More than 2,500 were from Afghanistan, a terrorist haven, the president complained.

Haiti had sent 15,000 people. They “all have AIDS,” he grumbled, according to one person who attended the meeting and another person who was briefed about it by a different person who was there.

Forty thousand had come from Nigeria, Mr. Trump added. Once they had seen the United States, they would never “go back to their huts” in Africa, recalled the two officials, who asked for anonymity to discuss a sensitive conversation in the Oval Office.

That’s the president of the US. That’s the squalid reality we’re living in. Everybody’s meanest ugliest racist uncle is the president.

Kelly and Tillerson tried to explain that many of the visas were just temporary ones for visits, but then Kelly and Miller turned on Tillerson, blaming him for all these filthy foreigners, causing him to blow a gasket.

It’s a miracle they haven’t melted us all down for soap yet.

Tempers flared and Mr. Kelly asked that the room be cleared of staff members. But even after the door to the Oval Office was closed, aides could still hear the president berating his most senior advisers.

For not moving quickly enough on the ethnic cleansing.

The meeting in June reflects Mr. Trump’s visceral approach to an issue that defined his campaign and has indelibly shaped the first year of his presidency.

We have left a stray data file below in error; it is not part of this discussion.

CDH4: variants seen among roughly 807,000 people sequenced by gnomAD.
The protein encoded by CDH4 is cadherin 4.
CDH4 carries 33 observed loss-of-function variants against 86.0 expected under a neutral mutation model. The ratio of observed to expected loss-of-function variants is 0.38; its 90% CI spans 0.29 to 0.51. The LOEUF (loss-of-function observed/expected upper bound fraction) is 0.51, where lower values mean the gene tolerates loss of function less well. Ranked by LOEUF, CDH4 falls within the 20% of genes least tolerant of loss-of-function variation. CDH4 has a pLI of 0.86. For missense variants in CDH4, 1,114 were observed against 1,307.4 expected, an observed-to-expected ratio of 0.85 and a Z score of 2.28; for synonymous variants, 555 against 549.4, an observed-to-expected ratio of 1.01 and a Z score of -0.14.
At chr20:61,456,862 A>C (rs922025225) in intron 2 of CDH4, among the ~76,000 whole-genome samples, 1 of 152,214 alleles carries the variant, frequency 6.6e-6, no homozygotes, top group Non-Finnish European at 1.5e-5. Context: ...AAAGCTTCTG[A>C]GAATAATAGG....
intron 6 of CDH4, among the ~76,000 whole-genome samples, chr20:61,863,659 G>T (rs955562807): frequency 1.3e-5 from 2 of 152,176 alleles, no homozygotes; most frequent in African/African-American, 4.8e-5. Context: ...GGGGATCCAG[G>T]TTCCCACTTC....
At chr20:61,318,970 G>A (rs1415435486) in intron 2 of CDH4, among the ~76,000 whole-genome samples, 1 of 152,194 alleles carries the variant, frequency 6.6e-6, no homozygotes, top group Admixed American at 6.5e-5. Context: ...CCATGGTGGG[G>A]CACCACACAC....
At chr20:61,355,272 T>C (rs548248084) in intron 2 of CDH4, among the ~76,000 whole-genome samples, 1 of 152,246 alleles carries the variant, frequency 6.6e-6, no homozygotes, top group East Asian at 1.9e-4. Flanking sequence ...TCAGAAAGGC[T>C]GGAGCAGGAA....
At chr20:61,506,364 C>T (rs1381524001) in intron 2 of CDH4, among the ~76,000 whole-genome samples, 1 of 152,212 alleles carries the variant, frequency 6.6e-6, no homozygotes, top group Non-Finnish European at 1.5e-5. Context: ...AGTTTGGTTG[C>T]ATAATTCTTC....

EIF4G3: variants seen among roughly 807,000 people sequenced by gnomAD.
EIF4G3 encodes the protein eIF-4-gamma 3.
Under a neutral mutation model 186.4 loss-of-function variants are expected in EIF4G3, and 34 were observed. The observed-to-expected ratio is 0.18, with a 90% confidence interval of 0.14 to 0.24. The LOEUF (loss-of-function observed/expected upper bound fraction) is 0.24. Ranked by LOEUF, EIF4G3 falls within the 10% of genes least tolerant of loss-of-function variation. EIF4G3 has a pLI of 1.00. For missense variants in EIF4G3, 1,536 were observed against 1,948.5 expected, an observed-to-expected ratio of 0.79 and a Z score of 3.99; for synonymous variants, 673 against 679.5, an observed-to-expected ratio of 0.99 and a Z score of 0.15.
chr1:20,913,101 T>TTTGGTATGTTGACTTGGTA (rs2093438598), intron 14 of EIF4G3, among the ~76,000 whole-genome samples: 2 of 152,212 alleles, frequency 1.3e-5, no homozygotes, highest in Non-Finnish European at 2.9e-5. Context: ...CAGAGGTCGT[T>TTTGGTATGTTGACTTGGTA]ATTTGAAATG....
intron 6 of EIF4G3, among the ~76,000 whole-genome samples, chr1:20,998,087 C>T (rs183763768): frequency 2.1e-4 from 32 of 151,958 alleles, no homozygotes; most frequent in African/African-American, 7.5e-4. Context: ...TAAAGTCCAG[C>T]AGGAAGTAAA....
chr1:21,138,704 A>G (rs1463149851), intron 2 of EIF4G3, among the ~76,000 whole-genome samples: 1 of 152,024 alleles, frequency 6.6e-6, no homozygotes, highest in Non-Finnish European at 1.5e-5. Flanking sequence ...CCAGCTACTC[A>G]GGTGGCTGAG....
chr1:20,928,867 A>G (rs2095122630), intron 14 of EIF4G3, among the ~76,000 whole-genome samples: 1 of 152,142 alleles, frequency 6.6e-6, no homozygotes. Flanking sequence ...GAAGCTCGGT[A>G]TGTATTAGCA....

It reflects everything – his “visceral” racism and general loathing for people he sees as inferiors, his rage and hatred and lack of control, his grandiosity and cluelessness about the extent of his power, his hideous urges, his authoritarianism, his filthy temper – his thoroughgoing badness on every dimension.

Seizing on immigration as the cause of countless social and economic problems, Mr. Trump entered office with an agenda of symbolic but incompletely thought-out goals, the product not of rigorous policy debate but of emotionally charged personal interactions and an instinct for tapping into the nativist views of white working-class Americans.

But mostly of his own hateful malevolent nature. He boils with loathing, and it bursts out of him all the time (think April Ryan and that press conference and the way he spoke to her). He’s that mean drunk at the bar who empties the room.

Those who know Mr. Trump say that his attitude toward immigrants long predates his entry into politics.

“He’s always been fearful where other cultures are concerned and always had anxiety about food and safety when he travels,” said Michael D’Antonio, who interviewed him for the biography “The Truth About Trump.” “His objectification and demonization of people who are different has festered for decades.”